It was those rock n roll college days and I had adopted the lifestyle of Lucknow quite well. Lifestyle of Lucknow doesn’t include much fancy aspects unlike other trendy cities like Delhi, Bombay or Kolkata. Rather it includes more of a ‘Desi’ touch… Yes, I came down to ‘present tense’ because till now I find it unchanged. Being a college hero in Lucknow doesn’t put pressure in pockets too- just get into a ‘Tempo’ with loose shirt, jeans and a pair of sneakers… wait, you haven’t qualified for the tag yet… you need to stuff your mouth with Masala/Puria (chewable tobacco) and keep spitting the red excess saliva on the streets and footpaths in the most artistic way. Today's narration is not a tale, but the recollection of a memorable moment that had enough impact on remodelling my habits.
I was in Lucknow railway station, actually waiting for my train back to Bardhaman. I was restless with the same vigor of a teenager returning home in college vacation and already well burnished with the essence of Lucknow- “Hum to aise hi hai”. Waiting for the train in waiting room was never a pleasant moment. Waiting room in Lucknow station didn’t have the present day air conditioning bliss in those days but Lucknow in May was no less hot. Added to that, long distance train used to delay like anything and passengers used to contain tremendous patience to bear with the repeated railway announcement “… running late by 6 (to infinity) hours… we’re sorry for your inconvenience”. It was nearing noon time and the mercury of my impatience was rising. I stepped out of the suffocating waiting room aimlessly and headed to a magazine stall. Buying a magazine (which I wanted to buy) was easy but reading it in a public space was equally difficult, so I dropped the idea of grabbing my copy, instead engaged myself on watching a group of foreign backpackers. I was not the only moron in the platform number 1 to stare at them like a man who has paid for a movie ticket… even there were other worthless souls to satisfy their eyes. Honestly I wasn’t that pervert to ogle at an Western lady’s provocative bosom or exposed thighs which I’m sure my Co-viewers were busy in. I was more interested in watching their reactions to various Indian stimuli (like, some carefree guy pulling up his lungi and pissing onto the railway track right from the platform etc). The large but ‘cool’ single backpack carried by foreigners in their trip to India was another attraction for me… I tried hard to find them in Bardhaman but never managed to get one. Only later I had realized that they were too pricey for tinsel town market demands.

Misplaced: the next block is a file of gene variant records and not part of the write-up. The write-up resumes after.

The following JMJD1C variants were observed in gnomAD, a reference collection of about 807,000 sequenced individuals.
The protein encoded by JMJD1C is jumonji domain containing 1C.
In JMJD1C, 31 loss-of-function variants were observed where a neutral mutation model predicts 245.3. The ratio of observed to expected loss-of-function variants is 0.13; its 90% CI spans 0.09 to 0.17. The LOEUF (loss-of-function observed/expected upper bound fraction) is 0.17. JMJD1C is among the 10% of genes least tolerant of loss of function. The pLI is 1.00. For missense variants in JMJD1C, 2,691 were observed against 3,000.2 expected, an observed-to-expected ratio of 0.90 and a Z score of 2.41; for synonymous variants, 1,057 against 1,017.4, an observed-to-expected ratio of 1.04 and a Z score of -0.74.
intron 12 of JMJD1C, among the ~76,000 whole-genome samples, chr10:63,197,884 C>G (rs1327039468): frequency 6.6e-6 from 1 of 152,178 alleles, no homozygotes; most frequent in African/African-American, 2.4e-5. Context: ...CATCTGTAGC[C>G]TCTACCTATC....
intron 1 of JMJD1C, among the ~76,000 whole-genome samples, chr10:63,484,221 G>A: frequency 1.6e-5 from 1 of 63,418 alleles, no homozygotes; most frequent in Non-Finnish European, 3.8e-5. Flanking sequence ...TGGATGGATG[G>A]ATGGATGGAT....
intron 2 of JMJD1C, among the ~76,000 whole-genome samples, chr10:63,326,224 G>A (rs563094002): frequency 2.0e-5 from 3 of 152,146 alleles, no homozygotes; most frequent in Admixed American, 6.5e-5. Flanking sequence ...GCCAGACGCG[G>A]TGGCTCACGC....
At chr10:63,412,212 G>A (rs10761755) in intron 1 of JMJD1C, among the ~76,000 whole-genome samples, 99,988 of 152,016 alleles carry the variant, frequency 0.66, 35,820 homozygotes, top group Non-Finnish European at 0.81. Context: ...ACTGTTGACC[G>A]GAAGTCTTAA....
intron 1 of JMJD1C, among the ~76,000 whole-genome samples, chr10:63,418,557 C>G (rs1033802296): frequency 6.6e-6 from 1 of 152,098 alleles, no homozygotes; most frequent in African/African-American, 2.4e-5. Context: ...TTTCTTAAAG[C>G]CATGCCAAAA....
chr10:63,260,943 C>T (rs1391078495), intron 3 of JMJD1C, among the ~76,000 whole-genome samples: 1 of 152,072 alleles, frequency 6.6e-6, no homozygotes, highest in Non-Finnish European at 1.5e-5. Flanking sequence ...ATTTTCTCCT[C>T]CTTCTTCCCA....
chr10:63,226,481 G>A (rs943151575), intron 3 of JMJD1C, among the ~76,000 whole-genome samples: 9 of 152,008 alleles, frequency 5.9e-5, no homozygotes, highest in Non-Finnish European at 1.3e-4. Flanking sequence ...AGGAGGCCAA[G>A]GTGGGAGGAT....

While watching them I kept my teeth and tongue in continuous motion of chewing the masala and spitting the royal red excreta on the platform floor in periodic intervals. Suddenly I noted that one of those tourists, little away from his group with an empty plastic bottle in his hand, looking here and there as if searching for something. I understood that he was looking for drinking water (you must be thinking what a fool I’m right?) and went to his rescue. I offered my help to him but he didn’t seem to catch my words. So, I quickly spitted out and repeated my words again. He told me that he was looking for a dustbin to dump his empty bottle and made a quick survey of the fresh red mark I had made on the floor. In a fraction of second it deflated the hot air from my head and I felt like digging a hole and diving deep into it. What a shame… being an outsider he was so keen to take care of my soil/environment while I was totally indifferent towards it! From that day I promised myself not to throw any garbage on roads or public places like a retard. Previously my mind was negatively conditioned with- our roads and public places are too dirty to be cleaned up, so why not litter? But that incidence had impacted me with optimism and new hopes for a cleaner future. I became a firm believer that if we want we can keep our places clean, just by changing few small yet sick habits. Later I had divorced with tobacco with the grace of almighty but never forgot that trivial, yet very important lesson from a westerner.